Apple has released High Sierra, a new upgrade to macOS that’s installable on most Macs built since 2009 and 2010. One of the key features of High Sierra is a new file system. There’s a hitch if you’re using a Mac with a hard drive, including Macs with Fusion Drives. File systems aren’t a sexy feature or even a visible one, but the last time the Mac’s file system changed, Bill Clinton was president. So it’s a big deal. Read on for the full story.
All computing devices rely on a file system to control how your device stores and retrieves data. The file system Apple has used on its device up until recently was called HFS Plus. HFS Plus was introduced in 1998, updating an earlier file system (plain old HFS) that had already been around for 13 years. So the Mac – and by extension, the iPhone, iPad, iPod touch and other Apple devices – used a file system that was 30 years old.
Times change, and so does technology – rapidly. Storage needs have increased exponentially HFS debuted in 1985. At the time HFS was first introduced, a 20 MB hard drive was astonishingly big. Now devices in your pocket can hold 128 GB or more.
What’s more, there’s been a sea change in how storage works. When HFS Plus was introduced floppy disks and spinning hard drives were the way most devices stored data. Floppy disks are a historical relic, and hard drives are headed that way too. Now devices across Apple’s product like rely on flash storage – writing data to silicon instead of to the surface of a spinning disk.
Apple needed to future-proof its core file system technology, and needed to adapt it to the changing needs of flash storage. APFS was the solution. APFS employs advanced data integrity features to make sure your data is safe. It’s also tremendously more efficient when it comes to copying files and folders – you’ll see almost instant operations.
APFS is very much an “under the hood” change. You won’t notice anything visibly different, but the way in which your Mac stores files and interacts with its storage system are more efficient and better suited for the future than how it’s worked up until now.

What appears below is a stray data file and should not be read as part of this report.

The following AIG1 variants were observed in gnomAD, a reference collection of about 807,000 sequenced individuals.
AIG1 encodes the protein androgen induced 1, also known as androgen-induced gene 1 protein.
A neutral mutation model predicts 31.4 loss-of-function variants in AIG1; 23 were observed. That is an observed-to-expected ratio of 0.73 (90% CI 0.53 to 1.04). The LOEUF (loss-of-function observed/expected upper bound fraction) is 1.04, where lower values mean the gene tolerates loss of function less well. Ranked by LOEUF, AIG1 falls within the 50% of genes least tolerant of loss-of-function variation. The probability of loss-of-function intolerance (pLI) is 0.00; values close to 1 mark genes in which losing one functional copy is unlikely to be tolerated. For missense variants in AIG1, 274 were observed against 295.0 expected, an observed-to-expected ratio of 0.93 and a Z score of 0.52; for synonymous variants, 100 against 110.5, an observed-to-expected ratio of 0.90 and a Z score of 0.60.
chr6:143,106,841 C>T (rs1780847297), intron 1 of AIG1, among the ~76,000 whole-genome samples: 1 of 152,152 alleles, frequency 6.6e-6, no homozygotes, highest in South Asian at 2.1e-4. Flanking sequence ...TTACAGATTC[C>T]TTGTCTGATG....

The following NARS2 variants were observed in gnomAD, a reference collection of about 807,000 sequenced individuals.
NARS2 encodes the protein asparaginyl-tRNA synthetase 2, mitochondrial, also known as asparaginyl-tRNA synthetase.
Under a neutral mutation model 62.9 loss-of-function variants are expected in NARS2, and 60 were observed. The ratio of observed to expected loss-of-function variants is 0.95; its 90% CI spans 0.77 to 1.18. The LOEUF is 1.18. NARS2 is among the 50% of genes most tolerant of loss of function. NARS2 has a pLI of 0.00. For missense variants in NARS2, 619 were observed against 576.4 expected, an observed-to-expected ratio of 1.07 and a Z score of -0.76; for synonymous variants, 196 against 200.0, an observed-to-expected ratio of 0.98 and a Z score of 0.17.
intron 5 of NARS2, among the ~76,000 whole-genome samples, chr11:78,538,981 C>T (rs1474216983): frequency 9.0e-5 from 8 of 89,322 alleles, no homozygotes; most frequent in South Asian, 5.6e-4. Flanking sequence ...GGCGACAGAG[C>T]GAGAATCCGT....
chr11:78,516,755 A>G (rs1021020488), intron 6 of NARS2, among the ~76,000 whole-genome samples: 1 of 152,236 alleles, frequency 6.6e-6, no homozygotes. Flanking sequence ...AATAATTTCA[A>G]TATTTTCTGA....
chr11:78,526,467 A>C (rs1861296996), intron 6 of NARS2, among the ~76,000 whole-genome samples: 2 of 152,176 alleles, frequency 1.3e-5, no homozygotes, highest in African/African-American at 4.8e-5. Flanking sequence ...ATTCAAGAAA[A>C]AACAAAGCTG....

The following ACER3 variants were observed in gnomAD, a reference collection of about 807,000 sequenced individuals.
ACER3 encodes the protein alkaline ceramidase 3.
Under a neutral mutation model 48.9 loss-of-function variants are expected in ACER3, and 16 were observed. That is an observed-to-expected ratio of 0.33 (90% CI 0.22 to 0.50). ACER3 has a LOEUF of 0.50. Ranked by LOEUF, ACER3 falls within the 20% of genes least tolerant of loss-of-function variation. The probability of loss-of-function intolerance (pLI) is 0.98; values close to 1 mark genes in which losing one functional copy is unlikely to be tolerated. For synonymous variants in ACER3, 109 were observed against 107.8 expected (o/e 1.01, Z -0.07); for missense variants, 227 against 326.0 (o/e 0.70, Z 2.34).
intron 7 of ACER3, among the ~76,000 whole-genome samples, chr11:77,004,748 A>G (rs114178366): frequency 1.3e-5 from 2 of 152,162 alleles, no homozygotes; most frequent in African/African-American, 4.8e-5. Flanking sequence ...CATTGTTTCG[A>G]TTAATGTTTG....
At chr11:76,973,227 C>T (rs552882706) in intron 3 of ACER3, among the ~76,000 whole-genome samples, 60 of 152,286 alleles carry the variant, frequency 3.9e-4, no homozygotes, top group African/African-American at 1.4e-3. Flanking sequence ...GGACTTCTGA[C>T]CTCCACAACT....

APFS was rolled out to iPhone and iPad users earlier this year with the release of iOS 10.3. With the general release of High Sierra for the Mac, APFS has come to Macs too.
Auto-Conversion to APFS for Flash-Only Macs
If you’re using a Mac equipped with all-flash storage – a Retina MacBook Pro, for example, or a MacBook Air, MacBook, a 2013 or later MacBook, some Mac mini and iMac models – the conversion to APFS will be automatic when you first install High Sierra. The conversion to APFS even happens if you’ve upgraded your Mac with some Solid State Drives (SSDs). I put a third-party SSD in my Mac mini, and High Sierra’s installer managed the conversion to APFS without complaint.
If you’re using a Mac with a spinning hard drive, or Apple’s “Fusion Drive” equipped models, High Sierra will not automatically convert your device to APFS. Apple decided before High Sierra’s release to automatically convert only those Macs powered by pure flash storage. In fact, beta testers who have made the conversion on their hard drive-equipped Macs are required to reformat them to HFS Plus to install the general release.
APFS Coming Soon for Everyone Else
Apple has also said, unequivocally, that APFS will be coming to hard drive-equipped Macs in a future High Sierra update. In announcing High Sierra’s release, Apple said, “APFS currently supports every Mac with all‑flash internal storage — support for Fusion and HDD Mac systems will be available in a future update.”
Apple hasn’t explained the delay. I’ve heard through the grapevine that a certain number of hard drive-equipped Macs were failing the installer’s initial conversion. If that’s the case, Apple’s decision to delay APFS conversion for those Macs is prudent. No one wants to install software that could potentially leave our Mac as a doorstop.
As always, having a backup and recovery strategy is important. Flash-equipped or not, make sure your Mac is backed up. For more on prepping your Mac for the switch to High Sierra, read my Upgrade Tips for High Sierra, and feel free to let me know if you have any comments or questions.